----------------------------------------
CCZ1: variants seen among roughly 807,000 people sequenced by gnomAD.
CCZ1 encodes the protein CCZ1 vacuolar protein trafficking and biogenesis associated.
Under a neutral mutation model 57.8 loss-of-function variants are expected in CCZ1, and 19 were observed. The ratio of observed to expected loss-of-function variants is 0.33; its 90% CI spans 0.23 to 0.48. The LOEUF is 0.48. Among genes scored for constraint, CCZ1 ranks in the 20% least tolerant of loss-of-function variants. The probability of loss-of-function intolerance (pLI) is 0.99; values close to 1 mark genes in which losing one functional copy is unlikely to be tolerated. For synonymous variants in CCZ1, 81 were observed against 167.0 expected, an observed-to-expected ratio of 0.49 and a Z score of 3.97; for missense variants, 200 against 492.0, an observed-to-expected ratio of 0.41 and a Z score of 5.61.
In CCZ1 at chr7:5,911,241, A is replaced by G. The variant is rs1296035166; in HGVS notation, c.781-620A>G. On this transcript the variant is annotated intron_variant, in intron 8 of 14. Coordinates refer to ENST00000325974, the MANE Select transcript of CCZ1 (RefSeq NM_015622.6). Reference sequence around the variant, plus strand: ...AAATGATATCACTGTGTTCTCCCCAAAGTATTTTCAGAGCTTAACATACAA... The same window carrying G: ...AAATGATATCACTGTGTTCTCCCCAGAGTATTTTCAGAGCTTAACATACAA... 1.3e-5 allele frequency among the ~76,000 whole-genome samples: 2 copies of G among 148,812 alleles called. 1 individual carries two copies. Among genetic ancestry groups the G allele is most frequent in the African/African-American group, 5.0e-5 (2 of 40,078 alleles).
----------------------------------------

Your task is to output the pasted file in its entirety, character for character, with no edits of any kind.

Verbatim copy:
CCZ1: variants seen among roughly 807,000 people sequenced by gnomAD.
CCZ1 encodes the protein CCZ1 vacuolar protein trafficking and biogenesis associated.
Under a neutral mutation model 57.8 loss-of-function variants are expected in CCZ1, and 19 were observed. The ratio of observed to expected loss-of-function variants is 0.33; its 90% CI spans 0.23 to 0.48. The LOEUF is 0.48. Among genes scored for constraint, CCZ1 ranks in the 20% least tolerant of loss-of-function variants. The probability of loss-of-function intolerance (pLI) is 0.99; values close to 1 mark genes in which losing one functional copy is unlikely to be tolerated. For synonymous variants in CCZ1, 81 were observed against 167.0 expected, an observed-to-expected ratio of 0.49 and a Z score of 3.97; for missense variants, 200 against 492.0, an observed-to-expected ratio of 0.41 and a Z score of 5.61.
In CCZ1 at chr7:5,911,241, A is replaced by G. The variant is rs1296035166; in HGVS notation, c.781-620A>G. On this transcript the variant is annotated intron_variant, in intron 8 of 14. Coordinates refer to ENST00000325974, the MANE Select transcript of CCZ1 (RefSeq NM_015622.6). Reference sequence around the variant, plus strand: ...AAATGATATCACTGTGTTCTCCCCAAAGTATTTTCAGAGCTTAACATACAA... The same window carrying G: ...AAATGATATCACTGTGTTCTCCCCAGAGTATTTTCAGAGCTTAACATACAA... 1.3e-5 allele frequency among the ~76,000 whole-genome samples: 2 copies of G among 148,812 alleles called. 1 individual carries two copies. Among genetic ancestry groups the G allele is most frequent in the African/African-American group, 5.0e-5 (2 of 40,078 alleles).